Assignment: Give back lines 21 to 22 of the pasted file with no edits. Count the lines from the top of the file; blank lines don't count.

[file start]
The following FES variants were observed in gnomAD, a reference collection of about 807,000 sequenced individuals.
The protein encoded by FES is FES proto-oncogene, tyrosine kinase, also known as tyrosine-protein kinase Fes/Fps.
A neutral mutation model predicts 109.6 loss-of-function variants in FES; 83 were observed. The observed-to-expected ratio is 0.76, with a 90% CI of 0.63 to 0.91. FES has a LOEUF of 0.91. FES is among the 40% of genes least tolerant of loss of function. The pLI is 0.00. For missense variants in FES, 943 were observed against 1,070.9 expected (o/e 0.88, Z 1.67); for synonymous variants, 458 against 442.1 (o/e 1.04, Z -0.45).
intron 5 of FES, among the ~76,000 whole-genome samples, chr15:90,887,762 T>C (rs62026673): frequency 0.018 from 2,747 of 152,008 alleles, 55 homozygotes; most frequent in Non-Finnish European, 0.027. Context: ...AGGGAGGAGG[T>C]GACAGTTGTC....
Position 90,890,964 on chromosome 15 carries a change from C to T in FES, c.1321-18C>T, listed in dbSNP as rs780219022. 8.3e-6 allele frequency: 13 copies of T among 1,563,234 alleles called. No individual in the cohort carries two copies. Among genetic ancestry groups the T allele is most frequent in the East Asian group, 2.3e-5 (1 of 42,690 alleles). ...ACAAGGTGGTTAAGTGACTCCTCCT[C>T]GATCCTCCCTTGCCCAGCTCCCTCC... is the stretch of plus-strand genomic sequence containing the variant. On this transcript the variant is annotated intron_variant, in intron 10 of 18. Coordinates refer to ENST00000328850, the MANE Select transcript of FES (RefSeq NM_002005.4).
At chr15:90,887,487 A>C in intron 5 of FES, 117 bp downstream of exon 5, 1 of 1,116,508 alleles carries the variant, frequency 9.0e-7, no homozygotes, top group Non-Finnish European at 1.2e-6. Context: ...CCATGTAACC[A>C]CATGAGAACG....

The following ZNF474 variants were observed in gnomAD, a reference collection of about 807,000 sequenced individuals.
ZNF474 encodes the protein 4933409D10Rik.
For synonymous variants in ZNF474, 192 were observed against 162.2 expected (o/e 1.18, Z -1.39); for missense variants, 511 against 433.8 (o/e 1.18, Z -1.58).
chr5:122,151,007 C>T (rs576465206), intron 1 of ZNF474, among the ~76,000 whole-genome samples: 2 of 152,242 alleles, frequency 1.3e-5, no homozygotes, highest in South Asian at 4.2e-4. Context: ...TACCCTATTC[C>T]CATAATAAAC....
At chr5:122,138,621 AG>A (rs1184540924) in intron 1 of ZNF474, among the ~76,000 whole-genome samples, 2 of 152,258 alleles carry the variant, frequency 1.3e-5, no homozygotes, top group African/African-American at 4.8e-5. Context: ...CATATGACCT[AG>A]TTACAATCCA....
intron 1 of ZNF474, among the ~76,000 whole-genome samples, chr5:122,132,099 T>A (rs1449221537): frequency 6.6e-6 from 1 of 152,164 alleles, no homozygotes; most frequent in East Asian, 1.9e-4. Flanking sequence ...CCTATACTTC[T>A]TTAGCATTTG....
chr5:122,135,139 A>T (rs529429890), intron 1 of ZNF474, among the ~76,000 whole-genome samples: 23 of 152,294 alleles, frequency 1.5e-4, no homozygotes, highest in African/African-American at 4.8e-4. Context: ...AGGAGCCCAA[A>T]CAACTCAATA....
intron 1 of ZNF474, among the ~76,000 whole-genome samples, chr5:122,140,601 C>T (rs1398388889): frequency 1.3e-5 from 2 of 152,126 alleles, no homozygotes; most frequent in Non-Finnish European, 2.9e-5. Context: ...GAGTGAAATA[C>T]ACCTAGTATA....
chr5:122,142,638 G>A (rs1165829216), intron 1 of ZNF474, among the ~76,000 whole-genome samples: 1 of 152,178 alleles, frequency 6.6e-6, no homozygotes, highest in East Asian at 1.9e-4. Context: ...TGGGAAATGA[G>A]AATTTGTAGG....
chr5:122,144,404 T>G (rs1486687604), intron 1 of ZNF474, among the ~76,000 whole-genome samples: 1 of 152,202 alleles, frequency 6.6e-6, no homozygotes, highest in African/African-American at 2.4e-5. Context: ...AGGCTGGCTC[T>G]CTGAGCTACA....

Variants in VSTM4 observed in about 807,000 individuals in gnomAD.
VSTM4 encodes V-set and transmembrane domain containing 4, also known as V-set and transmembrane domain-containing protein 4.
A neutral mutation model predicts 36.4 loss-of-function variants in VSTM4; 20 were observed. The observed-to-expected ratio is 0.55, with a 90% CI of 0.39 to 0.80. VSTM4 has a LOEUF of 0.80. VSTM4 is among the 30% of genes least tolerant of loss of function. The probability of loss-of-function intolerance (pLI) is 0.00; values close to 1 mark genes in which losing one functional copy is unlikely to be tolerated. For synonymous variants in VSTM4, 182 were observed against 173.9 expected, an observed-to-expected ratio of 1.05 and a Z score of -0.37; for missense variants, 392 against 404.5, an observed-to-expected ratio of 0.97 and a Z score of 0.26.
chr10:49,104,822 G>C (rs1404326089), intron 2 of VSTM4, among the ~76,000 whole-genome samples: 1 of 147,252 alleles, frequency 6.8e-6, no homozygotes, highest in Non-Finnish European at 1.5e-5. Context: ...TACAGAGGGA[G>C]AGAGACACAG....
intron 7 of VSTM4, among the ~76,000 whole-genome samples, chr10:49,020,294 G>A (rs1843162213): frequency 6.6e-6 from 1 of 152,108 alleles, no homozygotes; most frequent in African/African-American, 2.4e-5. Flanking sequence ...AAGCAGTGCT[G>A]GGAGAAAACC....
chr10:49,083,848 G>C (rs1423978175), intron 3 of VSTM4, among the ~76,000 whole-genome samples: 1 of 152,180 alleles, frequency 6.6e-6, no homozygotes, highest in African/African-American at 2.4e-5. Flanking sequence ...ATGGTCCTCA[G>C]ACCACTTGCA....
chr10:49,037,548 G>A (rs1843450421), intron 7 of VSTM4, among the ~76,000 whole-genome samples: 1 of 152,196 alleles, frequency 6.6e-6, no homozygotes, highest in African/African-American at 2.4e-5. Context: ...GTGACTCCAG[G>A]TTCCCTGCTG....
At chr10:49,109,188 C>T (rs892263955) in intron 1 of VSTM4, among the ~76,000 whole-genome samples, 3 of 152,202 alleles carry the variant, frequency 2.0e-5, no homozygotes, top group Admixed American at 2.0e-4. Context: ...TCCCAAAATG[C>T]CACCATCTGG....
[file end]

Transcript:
intron 7 of VSTM4, among the ~76,000 whole-genome samples, chr10:49,020,294 G>A (rs1843162213): frequency 6.6e-6 from 1 of 152,108 alleles, no homozygotes; most frequent in African/African-American, 2.4e-5. Flanking sequence ...AAGCAGTGCT[G>A]GGAGAAAACC....
chr10:49,083,848 G>C (rs1423978175), intron 3 of VSTM4, among the ~76,000 whole-genome samples: 1 of 152,180 alleles, frequency 6.6e-6, no homozygotes, highest in African/African-American at 2.4e-5. Flanking sequence ...ATGGTCCTCA[G>C]ACCACTTGCA....